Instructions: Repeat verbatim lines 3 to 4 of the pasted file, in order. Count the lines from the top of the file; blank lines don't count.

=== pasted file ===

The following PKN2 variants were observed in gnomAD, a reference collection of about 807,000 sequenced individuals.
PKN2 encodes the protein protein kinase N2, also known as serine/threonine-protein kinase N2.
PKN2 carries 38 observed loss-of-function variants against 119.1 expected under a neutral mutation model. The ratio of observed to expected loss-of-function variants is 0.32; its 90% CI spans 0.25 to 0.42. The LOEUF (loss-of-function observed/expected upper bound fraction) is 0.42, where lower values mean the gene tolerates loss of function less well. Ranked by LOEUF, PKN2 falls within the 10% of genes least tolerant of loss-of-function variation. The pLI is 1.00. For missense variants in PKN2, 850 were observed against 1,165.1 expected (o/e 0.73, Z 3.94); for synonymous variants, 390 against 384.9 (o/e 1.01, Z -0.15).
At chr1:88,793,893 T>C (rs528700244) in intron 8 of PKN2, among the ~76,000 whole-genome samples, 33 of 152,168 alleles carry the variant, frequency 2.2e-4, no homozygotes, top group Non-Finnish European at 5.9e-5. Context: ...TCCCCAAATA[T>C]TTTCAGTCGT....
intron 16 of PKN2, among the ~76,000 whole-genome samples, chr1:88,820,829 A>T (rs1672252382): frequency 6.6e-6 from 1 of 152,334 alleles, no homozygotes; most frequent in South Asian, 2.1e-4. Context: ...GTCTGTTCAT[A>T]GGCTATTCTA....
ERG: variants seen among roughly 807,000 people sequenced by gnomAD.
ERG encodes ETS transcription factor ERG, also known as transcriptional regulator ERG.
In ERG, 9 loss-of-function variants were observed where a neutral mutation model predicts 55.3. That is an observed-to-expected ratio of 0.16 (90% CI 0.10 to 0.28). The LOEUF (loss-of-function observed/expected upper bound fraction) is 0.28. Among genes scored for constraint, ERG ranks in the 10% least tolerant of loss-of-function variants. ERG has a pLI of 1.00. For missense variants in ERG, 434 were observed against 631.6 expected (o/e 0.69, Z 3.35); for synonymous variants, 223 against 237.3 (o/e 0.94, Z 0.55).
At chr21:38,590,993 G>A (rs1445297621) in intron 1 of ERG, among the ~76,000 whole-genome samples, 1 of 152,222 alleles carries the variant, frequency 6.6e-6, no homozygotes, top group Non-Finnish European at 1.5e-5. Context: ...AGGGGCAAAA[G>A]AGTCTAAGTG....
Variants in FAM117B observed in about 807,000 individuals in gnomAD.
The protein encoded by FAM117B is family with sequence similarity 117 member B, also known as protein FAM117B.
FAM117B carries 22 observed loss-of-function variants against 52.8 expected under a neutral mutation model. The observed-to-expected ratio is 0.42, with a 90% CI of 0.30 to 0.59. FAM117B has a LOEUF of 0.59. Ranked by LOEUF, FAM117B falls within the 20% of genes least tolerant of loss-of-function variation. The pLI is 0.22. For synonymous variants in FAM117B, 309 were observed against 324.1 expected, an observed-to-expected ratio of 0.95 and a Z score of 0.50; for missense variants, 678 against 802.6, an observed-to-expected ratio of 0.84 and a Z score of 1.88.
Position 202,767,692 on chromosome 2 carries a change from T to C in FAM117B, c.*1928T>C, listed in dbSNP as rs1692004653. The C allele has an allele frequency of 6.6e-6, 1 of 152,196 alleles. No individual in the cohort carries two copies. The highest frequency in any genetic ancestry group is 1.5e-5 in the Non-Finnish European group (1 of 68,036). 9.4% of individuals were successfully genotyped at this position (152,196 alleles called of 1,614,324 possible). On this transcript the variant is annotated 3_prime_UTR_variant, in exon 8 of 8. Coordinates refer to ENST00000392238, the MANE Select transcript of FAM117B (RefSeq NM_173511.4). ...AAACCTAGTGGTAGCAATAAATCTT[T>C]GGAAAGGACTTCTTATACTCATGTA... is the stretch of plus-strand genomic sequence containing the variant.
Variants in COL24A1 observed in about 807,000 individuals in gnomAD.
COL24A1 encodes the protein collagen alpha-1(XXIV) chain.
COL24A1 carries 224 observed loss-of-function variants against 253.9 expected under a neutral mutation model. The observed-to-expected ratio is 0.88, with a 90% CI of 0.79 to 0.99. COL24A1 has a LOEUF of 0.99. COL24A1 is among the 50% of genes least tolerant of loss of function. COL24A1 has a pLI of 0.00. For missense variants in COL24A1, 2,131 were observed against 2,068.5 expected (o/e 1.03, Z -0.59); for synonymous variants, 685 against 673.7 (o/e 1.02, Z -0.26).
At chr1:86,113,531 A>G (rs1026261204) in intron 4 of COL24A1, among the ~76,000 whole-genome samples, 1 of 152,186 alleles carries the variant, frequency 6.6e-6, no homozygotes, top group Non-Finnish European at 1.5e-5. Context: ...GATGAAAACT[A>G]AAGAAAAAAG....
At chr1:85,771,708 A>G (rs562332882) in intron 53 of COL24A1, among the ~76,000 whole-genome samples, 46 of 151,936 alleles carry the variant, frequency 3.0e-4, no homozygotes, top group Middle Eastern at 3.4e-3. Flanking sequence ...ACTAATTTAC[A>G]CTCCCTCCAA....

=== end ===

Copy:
PKN2 carries 38 observed loss-of-function variants against 119.1 expected under a neutral mutation model. The ratio of observed to expected loss-of-function variants is 0.32; its 90% CI spans 0.25 to 0.42. The LOEUF (loss-of-function observed/expected upper bound fraction) is 0.42, where lower values mean the gene tolerates loss of function less well. Ranked by LOEUF, PKN2 falls within the 10% of genes least tolerant of loss-of-function variation. The pLI is 1.00. For missense variants in PKN2, 850 were observed against 1,165.1 expected (o/e 0.73, Z 3.94); for synonymous variants, 390 against 384.9 (o/e 1.01, Z -0.15).
At chr1:88,793,893 T>C (rs528700244) in intron 8 of PKN2, among the ~76,000 whole-genome samples, 33 of 152,168 alleles carry the variant, frequency 2.2e-4, no homozygotes, top group Non-Finnish European at 5.9e-5. Context: ...TCCCCAAATA[T>C]TTTCAGTCGT....